Sánchez puts bold colors and loose, sketchy lines to vibrant use, portraying pig-tailed Ruby with determination and enthusiasm. The large, textured images are well-matched to Maier’s subtle patterned prose, echoing the traditional text in format and expanding the storyline to contemporary sensibilities. Determination, cooperation and creativity are powerful themes woven into the story with care while simple childhood fun and warm family life will be foremost in readers’ minds.

  • Reviewed by Cathy Ballou Mealey

Where obtained:  I reviewed advanced reader’s copies from the publishers and received no other compensation. The opinions expressed here are my own.

 

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Celebrate the Chinese New Year With The Great Race by Christopher Corr

 

THE GREAT RACE:
STORY OF THE CHINESE ZODIAC
Written and illustrated by Christopher Corr
(Frances Lincoln Children’s Books/Quarto; $17.99, Ages 3-6)

 

 

A new retelling of The Great Race, a classic Chinese folk tale, comes to us from author-illustrator Christopher Corr. In this version of the Chinese zodiac story, the Jade Emperor, realizing he doesn’t know his age, creates the Great Race in order to start measuring time. The first twelve animals to cross the river get a year named after them. Each animal’s story ensues. For those unfamiliar with the animals, they are the rat, ox, horse, goat, monkey, dog, pig, snake, tiger, rabbit, rooster and last but definitely not least, the dragon.

 

Tiger and Jade Emperor interior images from The Great Race by Christopher Corr

 

This 32-page picture book contains an abundance of brilliantly colored illustrations. Shorter scenes are set in oval shapes against bright white backgrounds. In visually exciting two-page spreads, the Jade Emperor interacts with various animals; black text is subdued into the art. Corr “works in gouaches, painting on Italian and Indian handmade papers as though he’s using a pen” and “takes a great deal of inspiration from his travels—to India, North Africa, and New England, for instance.”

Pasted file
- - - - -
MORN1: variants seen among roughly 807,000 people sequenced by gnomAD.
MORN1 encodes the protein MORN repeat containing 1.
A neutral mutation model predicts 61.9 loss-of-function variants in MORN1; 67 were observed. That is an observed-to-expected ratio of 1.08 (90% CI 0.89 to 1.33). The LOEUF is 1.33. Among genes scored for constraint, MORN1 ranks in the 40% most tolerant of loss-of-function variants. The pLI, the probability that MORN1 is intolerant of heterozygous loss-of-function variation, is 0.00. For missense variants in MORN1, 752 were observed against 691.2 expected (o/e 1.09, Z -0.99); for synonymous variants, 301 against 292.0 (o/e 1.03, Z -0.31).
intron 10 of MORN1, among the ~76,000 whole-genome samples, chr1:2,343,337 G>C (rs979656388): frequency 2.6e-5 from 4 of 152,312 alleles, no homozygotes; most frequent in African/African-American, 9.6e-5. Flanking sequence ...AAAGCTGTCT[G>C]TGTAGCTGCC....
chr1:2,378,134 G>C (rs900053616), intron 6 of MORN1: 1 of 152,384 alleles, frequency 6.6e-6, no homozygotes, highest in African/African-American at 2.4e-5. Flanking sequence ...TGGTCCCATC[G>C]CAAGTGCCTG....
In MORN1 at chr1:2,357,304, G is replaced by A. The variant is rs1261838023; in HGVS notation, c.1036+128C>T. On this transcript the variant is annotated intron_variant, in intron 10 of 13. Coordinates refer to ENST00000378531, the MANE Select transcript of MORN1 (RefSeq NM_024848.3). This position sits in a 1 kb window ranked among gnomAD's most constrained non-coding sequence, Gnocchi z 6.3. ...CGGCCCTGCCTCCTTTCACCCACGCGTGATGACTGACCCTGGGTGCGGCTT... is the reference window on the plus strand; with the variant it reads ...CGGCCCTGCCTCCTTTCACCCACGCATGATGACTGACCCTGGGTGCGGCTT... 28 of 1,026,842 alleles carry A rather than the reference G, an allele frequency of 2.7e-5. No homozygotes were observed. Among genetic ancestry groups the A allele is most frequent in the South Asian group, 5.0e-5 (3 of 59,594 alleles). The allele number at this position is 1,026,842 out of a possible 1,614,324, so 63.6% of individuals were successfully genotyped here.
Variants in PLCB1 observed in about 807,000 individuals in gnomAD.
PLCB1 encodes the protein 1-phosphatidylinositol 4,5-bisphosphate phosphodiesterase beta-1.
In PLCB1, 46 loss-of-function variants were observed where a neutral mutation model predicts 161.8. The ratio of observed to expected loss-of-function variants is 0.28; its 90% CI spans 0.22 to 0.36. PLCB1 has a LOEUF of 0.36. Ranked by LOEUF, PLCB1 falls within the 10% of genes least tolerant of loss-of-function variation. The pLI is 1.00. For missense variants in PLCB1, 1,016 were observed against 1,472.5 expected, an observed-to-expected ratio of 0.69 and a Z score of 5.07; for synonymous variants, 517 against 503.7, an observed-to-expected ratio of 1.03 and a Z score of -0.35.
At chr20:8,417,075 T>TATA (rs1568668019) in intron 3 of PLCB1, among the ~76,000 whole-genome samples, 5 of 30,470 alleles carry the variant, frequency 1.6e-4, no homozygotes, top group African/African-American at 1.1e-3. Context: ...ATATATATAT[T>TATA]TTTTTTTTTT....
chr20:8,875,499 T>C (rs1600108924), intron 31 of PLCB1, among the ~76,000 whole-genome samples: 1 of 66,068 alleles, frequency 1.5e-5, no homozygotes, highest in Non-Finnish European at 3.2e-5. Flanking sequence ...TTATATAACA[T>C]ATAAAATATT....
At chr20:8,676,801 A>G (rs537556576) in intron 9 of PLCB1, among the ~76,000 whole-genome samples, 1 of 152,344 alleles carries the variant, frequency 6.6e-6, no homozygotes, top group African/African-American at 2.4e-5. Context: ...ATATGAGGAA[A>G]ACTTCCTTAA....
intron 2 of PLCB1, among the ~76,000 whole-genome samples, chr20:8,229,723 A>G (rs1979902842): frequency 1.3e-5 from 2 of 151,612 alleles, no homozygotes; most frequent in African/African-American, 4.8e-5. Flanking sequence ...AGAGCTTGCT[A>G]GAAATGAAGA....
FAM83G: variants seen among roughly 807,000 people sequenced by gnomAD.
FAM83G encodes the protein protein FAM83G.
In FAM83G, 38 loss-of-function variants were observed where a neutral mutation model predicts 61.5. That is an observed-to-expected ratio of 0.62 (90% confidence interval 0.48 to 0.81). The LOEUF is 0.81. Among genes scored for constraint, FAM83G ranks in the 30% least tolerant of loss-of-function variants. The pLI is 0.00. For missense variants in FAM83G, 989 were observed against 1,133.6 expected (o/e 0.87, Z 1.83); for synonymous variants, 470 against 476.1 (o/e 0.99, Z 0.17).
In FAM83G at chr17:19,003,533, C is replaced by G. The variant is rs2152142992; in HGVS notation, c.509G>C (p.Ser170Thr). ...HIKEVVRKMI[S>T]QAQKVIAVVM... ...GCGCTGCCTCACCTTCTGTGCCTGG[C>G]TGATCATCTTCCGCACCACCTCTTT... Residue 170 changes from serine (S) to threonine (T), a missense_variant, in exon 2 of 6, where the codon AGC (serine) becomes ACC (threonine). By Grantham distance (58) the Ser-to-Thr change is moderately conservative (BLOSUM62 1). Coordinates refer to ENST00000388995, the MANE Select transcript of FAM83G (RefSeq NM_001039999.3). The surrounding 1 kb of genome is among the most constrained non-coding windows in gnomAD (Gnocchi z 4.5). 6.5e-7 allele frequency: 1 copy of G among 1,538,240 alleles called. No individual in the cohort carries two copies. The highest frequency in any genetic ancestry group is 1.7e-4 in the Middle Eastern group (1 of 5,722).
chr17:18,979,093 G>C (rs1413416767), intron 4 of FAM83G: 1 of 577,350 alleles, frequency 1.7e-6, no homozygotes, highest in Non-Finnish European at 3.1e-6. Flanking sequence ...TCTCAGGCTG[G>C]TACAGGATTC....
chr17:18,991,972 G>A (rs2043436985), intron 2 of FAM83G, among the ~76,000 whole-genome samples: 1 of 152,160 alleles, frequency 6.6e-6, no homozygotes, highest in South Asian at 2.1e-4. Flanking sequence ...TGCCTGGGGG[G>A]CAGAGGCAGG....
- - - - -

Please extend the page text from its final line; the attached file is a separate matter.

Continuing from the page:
Interior artwork from The Great Race by Christopher Corr

 

All told, The Great Race: Story of the Chinese Zodiac is another wonderful way to enjoy the stories of the twelve animals representing the Chinese zodiac.

All artwork provided courtesy of Frances Lincoln Children’s Books/Quarto Books ©2018.

  • Reviewed by Christine Van Zandt

Writer, editor, and owner of Write for Success www.Write-for-Success.com

@WFSediting, Christine@Write-for-Success.com

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Hooray for Hanukkah! New Kids’ Books for the Festival of Lights

THE BEST NEW
CHILDREN’S BOOKS FOR HANUKKAH

 

 

The Itsy Bitsy Dreidel cvr imageThe Itsy Bitsy Dreidel
Written by Jeffrey Burton & Chani Tornow
Illustrated by Sanja Rešček
(Little Simon; $5.99, Ages 2-4)

The Itsy Bitsy Dreidel, a glossyl, sturdy 16 page board book, illustrated with lush jewel tones and cheerful winter scenes, stars a charming yellow dreidel little ones will love. As the story opens the dreidel is out “for a little spin” and then heads inside as sundown arrives. Anyone familiar with the Itsy Bitsy Spider nursery rhyme (and who isn’t?) will be ready to sing along as this happy dreidel gets ready to celebrate with his family. From watching Dad cooking jelly donuts and latkes in oil to feeling awe as Mom lights the menorah, this excited itsy bitsy dreidel experiences the joy of the Jewish Festival of Lights just like young readers do every year.

Way Too Many Latkes cover imageWay Too Many Latkes: A Hanukkah in Chelm
Written by Linda Glaser
Illustrated by Aleksandar Zolotic
(Kar-Ben; $17.99 Hardcover, $7.99 Paperback, Ages 3-8)